Moore – Oil figures must be based on facts, not fantasy
This was published under the 2010 to 2015 Conservative and Liberal Democrat coalition government
Scottish Secretary Michael Moore has called for “clear and accurate” use of numbers in the debate over Scotland’s fiscal future.
Speaking before his visit to Porto Alegre in Brazil’s Rio Grande do Sul, an area with considerable off-shore oil potential, the Secretary of State praised the contribution that the UK Continental Shelf makes to Scotland’s economy.
Michael Moore said:
“North Sea oil production provides jobs and supports communities in the North East of Scotland, but the skills it brings and the revenue it raises benefit citizens across the country, just as the oil and gas sector here in Brazil adds a vital aspect to the national economy.
“Prudent economic planning relies of course on an honest and robust assessment of the numbers, and spending projections that which allows a country to live within its means.
“The UK government is committed to promoting a successful North Sea sector. Because of the size and scale of the UK economy, we were able to use the last budget to announce new tax reliefs and guaranteed support for decommissioning costs. The certainty created by these measures is stimulating multi-billion pound investment in the North Sea’s future and jobs in Scotland now.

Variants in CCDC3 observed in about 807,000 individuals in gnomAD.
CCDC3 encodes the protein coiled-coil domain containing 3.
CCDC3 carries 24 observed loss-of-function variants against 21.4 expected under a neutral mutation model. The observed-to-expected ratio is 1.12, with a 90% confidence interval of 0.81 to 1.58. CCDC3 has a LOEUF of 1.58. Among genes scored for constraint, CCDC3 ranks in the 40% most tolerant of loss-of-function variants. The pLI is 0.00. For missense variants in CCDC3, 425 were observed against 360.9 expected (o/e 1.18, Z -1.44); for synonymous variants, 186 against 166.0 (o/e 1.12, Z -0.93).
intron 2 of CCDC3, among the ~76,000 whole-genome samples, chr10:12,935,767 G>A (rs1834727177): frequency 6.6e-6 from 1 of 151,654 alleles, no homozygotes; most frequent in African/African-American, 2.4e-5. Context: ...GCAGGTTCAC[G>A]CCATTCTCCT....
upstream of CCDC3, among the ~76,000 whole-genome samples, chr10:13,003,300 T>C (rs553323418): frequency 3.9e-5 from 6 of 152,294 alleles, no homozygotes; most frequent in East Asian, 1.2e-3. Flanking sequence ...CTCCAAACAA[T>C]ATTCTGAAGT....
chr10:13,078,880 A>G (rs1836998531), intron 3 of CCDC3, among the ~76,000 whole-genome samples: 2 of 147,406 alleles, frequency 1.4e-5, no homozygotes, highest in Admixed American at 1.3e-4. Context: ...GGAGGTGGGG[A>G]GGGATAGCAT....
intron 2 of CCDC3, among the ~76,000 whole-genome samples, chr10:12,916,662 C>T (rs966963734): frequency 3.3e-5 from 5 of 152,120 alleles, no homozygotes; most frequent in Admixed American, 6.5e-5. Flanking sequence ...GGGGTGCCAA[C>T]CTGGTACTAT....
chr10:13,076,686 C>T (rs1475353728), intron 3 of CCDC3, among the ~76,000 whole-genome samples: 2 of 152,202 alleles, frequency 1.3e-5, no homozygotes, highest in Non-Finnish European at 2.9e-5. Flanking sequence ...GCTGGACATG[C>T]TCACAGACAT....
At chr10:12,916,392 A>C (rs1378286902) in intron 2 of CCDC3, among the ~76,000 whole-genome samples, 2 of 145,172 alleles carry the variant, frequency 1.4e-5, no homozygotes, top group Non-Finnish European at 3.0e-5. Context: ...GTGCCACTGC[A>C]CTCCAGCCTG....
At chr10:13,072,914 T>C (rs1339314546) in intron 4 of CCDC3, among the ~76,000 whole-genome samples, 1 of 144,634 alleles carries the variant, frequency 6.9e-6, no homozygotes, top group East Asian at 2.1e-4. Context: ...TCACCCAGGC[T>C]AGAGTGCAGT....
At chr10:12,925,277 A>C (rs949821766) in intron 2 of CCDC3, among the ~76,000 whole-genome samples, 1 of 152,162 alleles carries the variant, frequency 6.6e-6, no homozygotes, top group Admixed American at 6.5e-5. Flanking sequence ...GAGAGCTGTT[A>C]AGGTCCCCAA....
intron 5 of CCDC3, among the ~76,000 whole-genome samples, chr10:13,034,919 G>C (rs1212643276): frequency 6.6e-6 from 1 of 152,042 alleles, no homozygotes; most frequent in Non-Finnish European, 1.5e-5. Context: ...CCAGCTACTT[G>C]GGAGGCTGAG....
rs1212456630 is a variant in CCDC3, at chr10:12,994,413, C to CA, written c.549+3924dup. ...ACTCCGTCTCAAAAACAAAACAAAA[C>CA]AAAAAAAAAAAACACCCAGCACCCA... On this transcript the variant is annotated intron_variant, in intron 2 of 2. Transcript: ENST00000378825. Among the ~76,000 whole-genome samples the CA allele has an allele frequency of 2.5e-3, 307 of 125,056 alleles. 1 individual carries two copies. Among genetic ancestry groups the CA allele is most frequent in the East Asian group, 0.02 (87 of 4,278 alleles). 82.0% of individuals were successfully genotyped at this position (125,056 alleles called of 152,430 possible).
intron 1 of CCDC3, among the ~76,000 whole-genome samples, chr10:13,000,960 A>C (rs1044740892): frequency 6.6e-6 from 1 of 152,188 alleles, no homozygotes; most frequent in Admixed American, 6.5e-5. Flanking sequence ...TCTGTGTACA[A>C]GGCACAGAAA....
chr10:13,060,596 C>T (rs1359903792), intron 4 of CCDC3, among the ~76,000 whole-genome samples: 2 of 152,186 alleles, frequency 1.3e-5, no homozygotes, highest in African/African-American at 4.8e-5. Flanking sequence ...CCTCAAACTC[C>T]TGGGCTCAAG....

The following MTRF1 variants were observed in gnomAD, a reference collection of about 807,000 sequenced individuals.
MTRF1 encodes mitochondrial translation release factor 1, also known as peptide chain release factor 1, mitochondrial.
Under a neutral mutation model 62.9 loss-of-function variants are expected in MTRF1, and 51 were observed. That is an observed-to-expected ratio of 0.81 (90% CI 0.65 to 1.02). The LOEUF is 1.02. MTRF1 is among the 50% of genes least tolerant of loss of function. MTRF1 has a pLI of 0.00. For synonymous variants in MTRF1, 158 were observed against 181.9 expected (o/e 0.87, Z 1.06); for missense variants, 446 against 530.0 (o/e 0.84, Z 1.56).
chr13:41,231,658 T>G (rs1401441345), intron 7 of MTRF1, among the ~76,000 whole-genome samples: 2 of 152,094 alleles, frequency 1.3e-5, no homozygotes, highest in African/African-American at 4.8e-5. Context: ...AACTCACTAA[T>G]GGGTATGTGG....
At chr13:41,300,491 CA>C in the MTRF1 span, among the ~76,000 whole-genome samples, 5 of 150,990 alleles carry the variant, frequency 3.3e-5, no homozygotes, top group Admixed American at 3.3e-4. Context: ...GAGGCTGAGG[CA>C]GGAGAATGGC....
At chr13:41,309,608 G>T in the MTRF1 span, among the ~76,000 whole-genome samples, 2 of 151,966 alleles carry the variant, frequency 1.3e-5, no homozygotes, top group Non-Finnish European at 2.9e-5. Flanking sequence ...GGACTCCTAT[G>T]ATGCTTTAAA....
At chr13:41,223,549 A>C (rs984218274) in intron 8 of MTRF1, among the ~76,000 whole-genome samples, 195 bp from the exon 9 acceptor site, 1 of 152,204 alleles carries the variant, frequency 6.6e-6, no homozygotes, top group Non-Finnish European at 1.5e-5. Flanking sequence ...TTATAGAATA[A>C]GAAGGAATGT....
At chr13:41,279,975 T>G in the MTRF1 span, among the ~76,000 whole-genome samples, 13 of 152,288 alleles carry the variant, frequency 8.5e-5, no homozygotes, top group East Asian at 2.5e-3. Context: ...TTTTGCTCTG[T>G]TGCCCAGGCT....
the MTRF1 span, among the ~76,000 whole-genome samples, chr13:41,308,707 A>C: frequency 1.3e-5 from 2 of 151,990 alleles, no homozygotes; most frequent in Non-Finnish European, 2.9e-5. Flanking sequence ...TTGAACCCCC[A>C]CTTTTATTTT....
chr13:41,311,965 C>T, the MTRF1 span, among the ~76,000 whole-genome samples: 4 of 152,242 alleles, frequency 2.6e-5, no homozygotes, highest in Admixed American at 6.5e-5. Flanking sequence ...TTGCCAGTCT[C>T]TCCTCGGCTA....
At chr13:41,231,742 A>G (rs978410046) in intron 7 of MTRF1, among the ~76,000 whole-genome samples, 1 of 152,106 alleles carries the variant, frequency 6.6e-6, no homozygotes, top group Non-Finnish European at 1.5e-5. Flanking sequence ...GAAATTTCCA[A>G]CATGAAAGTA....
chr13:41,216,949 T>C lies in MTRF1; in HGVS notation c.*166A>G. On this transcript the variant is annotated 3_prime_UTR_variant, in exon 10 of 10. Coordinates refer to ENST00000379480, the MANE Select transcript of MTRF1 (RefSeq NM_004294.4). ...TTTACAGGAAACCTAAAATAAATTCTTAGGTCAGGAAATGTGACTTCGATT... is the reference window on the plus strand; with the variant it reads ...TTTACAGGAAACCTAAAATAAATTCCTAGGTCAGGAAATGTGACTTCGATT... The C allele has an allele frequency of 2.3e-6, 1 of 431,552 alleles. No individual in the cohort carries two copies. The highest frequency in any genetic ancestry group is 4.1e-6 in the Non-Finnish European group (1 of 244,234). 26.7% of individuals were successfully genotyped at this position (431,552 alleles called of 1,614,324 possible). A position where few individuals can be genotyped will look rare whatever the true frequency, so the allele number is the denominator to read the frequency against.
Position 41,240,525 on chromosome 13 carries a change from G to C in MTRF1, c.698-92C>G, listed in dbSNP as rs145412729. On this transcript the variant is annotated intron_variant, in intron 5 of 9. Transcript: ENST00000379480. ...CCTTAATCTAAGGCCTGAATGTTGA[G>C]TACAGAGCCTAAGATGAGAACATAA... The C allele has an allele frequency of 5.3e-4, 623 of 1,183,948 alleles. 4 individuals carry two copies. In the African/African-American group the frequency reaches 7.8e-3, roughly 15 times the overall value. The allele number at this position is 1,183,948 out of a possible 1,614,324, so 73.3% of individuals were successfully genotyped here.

“These measures are ensuring that we get the most from the North Sea in the long term, even at a cost to the exchequer in short-term revenues.
Stressing the importance of clarity in the use of the revenue numbers, Moore added:
“But we need to be equally clear what this does not mean.
“It does not mean increased revenues now. It does not eradicate the economic challenge for smaller countries relying on volatile oil prices. It does not change the long-term fiscal outlook for Scotland.
“Both the Scottish and UK governments acknowledge the independent and robust figures produced by the OBR.
“Those figures show oil revenues falling so that from 2016-17 Scotland will run a deficit higher than the rest of the UK. That fact remains – and it is the very year that the Scottish Government wants independence.
“On the independence question, it is in everyone’s interests to debate the future on the basis of fact, not fantasy.
“Scotland could of course be independent, but the challenges that would come with leaving the UK family cannot be ducked.
“Scottish Government Ministers are right to acknowledge that the volatility of oil prices creates uncertainty in economic planning for smaller countries. They are right to acknowledge that falling oil revenues and an ageing population mean that an independent Scotland would face tough choices on tax, borrowing and funding for hospitals, pensions and defence at exactly the time they want Scotland to leave the UK.
“But they would also be right to acknowledge that by remaining within the UK family, Scotland has a government whose size allows it to absorb the volatility, create the conditions for investment offshore, and ensure that the industry continues to benefit Scotland in the years ahead. This is just one of the many ways in which Scotland and the whole UK family are stronger together.
“We need a clear and accurate understanding about the choices an independent Scotland would face, not a debate obscured by bluster and diversion. People in Scotland deserve no less.”